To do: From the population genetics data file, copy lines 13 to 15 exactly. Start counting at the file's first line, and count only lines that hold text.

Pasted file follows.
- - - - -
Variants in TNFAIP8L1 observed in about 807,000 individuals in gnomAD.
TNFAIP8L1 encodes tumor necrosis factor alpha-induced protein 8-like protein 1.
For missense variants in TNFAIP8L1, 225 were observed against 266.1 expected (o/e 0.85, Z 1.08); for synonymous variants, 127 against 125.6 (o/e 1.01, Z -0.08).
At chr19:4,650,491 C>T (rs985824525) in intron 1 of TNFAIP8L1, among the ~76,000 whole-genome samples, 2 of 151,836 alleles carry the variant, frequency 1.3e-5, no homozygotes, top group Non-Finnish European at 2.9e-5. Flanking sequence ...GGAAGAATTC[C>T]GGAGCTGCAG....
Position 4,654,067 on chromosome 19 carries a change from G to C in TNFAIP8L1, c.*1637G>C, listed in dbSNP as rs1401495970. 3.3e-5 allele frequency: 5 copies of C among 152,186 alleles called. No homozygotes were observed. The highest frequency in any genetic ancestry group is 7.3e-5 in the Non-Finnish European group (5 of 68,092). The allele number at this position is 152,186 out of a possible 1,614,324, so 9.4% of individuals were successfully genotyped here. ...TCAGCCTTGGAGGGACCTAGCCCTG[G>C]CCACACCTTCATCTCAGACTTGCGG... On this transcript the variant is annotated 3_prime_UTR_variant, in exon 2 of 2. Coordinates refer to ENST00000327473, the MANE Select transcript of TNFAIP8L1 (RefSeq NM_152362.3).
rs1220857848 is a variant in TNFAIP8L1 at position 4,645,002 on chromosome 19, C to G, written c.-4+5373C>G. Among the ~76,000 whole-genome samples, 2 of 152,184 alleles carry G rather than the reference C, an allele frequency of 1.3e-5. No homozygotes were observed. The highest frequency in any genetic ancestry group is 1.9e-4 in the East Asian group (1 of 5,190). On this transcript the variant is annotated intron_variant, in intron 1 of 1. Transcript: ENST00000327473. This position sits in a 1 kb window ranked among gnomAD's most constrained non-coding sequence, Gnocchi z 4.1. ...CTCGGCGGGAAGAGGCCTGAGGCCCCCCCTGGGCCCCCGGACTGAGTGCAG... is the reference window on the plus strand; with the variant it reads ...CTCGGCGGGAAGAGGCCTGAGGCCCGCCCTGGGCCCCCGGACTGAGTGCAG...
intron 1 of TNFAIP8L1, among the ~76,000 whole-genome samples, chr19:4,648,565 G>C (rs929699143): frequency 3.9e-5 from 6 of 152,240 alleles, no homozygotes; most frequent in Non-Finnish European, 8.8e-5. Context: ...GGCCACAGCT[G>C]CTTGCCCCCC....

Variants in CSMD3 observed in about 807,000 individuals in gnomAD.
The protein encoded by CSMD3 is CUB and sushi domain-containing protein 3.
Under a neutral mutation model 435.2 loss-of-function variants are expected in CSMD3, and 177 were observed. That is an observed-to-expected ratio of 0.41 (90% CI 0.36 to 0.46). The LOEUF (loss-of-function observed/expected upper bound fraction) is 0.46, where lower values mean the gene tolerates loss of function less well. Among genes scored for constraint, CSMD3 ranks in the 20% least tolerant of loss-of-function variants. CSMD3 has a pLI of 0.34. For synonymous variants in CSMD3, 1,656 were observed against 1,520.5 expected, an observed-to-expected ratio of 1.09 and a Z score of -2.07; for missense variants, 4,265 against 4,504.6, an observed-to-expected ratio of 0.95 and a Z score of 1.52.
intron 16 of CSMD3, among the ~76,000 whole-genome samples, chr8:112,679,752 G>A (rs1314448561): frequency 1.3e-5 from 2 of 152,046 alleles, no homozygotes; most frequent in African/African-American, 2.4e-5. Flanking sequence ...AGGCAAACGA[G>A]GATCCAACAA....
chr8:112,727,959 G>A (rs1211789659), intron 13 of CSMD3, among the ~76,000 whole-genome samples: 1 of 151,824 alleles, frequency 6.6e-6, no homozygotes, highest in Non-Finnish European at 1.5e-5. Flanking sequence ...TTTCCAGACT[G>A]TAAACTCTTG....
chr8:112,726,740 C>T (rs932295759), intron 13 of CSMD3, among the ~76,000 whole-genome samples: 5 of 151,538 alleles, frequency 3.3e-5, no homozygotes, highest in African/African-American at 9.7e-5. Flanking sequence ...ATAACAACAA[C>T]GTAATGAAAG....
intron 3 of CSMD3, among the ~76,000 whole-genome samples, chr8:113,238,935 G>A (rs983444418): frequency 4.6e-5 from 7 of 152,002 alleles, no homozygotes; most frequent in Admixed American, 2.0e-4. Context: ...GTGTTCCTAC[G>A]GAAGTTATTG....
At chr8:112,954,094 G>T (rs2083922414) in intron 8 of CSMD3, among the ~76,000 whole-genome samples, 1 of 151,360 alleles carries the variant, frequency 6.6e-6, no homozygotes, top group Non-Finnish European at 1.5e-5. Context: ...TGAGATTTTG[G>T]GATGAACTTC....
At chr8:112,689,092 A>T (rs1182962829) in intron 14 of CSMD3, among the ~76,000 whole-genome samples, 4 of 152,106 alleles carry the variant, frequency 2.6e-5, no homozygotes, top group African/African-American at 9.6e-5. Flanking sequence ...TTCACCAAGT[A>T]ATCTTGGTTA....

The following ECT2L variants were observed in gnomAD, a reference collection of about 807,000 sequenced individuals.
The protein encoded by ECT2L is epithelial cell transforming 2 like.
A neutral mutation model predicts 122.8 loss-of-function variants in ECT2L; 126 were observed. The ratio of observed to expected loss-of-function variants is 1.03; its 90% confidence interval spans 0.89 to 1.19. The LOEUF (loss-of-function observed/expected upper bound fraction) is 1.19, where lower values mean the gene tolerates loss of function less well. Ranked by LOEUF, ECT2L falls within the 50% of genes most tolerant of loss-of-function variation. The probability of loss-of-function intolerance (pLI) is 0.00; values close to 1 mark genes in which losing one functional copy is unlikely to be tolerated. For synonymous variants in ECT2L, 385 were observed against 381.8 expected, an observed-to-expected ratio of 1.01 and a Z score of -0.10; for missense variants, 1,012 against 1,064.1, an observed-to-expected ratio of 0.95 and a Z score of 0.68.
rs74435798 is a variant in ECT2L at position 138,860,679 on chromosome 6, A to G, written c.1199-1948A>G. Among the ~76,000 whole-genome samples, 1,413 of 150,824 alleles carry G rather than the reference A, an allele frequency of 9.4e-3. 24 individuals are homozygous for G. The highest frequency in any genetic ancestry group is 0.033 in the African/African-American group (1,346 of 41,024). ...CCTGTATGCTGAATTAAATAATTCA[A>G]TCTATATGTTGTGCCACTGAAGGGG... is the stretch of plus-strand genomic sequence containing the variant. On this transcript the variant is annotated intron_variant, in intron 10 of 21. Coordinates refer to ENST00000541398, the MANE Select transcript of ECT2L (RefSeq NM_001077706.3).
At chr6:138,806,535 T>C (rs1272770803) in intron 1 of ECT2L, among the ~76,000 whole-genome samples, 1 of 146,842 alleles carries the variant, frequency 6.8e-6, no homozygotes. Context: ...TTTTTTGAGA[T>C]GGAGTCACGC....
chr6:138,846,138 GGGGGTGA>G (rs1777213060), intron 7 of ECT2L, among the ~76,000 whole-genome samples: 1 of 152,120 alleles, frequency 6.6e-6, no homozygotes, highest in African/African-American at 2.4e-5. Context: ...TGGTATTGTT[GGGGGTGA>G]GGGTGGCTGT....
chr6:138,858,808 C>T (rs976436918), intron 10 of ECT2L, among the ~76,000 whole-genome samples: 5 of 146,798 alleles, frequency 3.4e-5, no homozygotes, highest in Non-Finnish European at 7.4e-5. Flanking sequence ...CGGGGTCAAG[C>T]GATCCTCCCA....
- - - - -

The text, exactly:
chr8:112,726,740 C>T (rs932295759), intron 13 of CSMD3, among the ~76,000 whole-genome samples: 5 of 151,538 alleles, frequency 3.3e-5, no homozygotes, highest in African/African-American at 9.7e-5. Flanking sequence ...ATAACAACAA[C>T]GTAATGAAAG....
intron 3 of CSMD3, among the ~76,000 whole-genome samples, chr8:113,238,935 G>A (rs983444418): frequency 4.6e-5 from 7 of 152,002 alleles, no homozygotes; most frequent in Admixed American, 2.0e-4. Context: ...GTGTTCCTAC[G>A]GAAGTTATTG....
At chr8:112,954,094 G>T (rs2083922414) in intron 8 of CSMD3, among the ~76,000 whole-genome samples, 1 of 151,360 alleles carries the variant, frequency 6.6e-6, no homozygotes, top group Non-Finnish European at 1.5e-5. Context: ...TGAGATTTTG[G>T]GATGAACTTC....